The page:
Texas Supreme Court Grants Review in Concurrent Causation Dispute
By Jo Allison (Jody) Stasney • Oct 7, 2014
JAW the Pointe LLC v. Lexington Ins. Co.,No. 13-0711 (Tex. October 3, 2014)
The Texas Supreme Court recently granted a Galveston apartment complex owner’s petition for review in a case that may decide key questions under Texas insurance law regarding “concurrent causation” and coverage for losses arising when city ordinances mandate property demolition. The case may also clarify the insured’s burden to prove the amount of a covered loss when covered and non-covered perils combine to cause a loss.
JAW The Pointe LLC (“The Pointe”) purchased an apartment complex located near a seawall in Galveston, Texas. The Pointe purchased insurance from Lexington and other insurance companies through a group program covering several apartment complexes in many different states. Lexington provided the primary policy under the group program, providing $25 million in coverage per occurrence. On September 13, 2008, Hurricane Ike hit Galveston and caused substantial damage to The Pointe’s apartment complex.
Although The Pointe intended to repair the damaged complex, Galveston City officials required the apartment owners to demolish the structures and rebuild to comply with current code requirements if the City determined that the damage exceeded 50 percent of the complex’s market value. The City determined that the damage to The Pointe’s apartment complex exceeded 50 percent of the complex’s market value and informed The Pointe that the structure must be brought into compliance with local flood reduction regulations.
The Lexington policy contained two endorsements by which an insured could recover for an obligation to comply with city ordinances. Lexington received an estimate from its building consultant identifying wind damage totaling $1,278,000.00 and flood damage totaling $3.5 million. Lexington paid the damages resulting from wind damage but informed The Pointe that the claim was not covered under the ordinance endorsement because the damages had been caused by flood. The Pointe sued Lexington, and the case proceeded to trial. The jury awarded The Pointe a $3.7 million verdict, which included $2.5 million for Lexington’s alleged knowing violations of the insurance code. Lexington appealed and argued that The Pointe’s loss was not covered under the policy’s ordinance endorsements because the damage to the complex was caused in whole or in part by flood, which is not a covered loss under the policy, and the City did not segregate between covered wind damage and excluded flood damage.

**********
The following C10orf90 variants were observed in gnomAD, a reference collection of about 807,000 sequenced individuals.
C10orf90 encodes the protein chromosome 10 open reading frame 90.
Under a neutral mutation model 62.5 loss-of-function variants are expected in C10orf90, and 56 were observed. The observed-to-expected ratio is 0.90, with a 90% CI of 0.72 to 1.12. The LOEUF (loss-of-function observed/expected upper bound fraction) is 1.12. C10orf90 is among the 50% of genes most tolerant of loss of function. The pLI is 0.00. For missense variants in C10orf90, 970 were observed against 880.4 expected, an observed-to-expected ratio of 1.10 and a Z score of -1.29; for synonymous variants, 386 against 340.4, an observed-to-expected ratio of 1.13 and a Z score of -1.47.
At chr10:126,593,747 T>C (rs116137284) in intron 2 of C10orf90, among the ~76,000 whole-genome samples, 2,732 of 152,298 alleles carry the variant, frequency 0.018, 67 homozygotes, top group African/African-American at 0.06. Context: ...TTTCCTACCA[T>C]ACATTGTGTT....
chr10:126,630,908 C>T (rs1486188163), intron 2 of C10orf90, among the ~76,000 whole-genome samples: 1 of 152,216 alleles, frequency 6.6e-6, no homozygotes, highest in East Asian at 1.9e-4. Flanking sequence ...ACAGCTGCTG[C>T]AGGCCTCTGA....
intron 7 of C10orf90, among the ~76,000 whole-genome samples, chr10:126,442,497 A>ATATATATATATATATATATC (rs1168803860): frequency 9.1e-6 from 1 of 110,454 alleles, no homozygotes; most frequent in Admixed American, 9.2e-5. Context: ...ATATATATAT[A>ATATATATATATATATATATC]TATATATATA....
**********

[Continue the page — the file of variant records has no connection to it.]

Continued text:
The Court of Appeals sided with Lexington and interpreted the ordinance endorsement to signify that Lexington would pay for demolition and increased rebuilding costs caused by ordinance enforcement resulting from a “Covered Cause of Loss.” The Court of Appeals looked to the City’s determination of damages to the apartment complex, and did not find any evidence the City determined the damage was caused by wind alone, rather than a combination of wind and flood. The Texas Supreme Court’s treatment of these issues may impact the concurrent causation doctrine in the context of a demolition order from the City.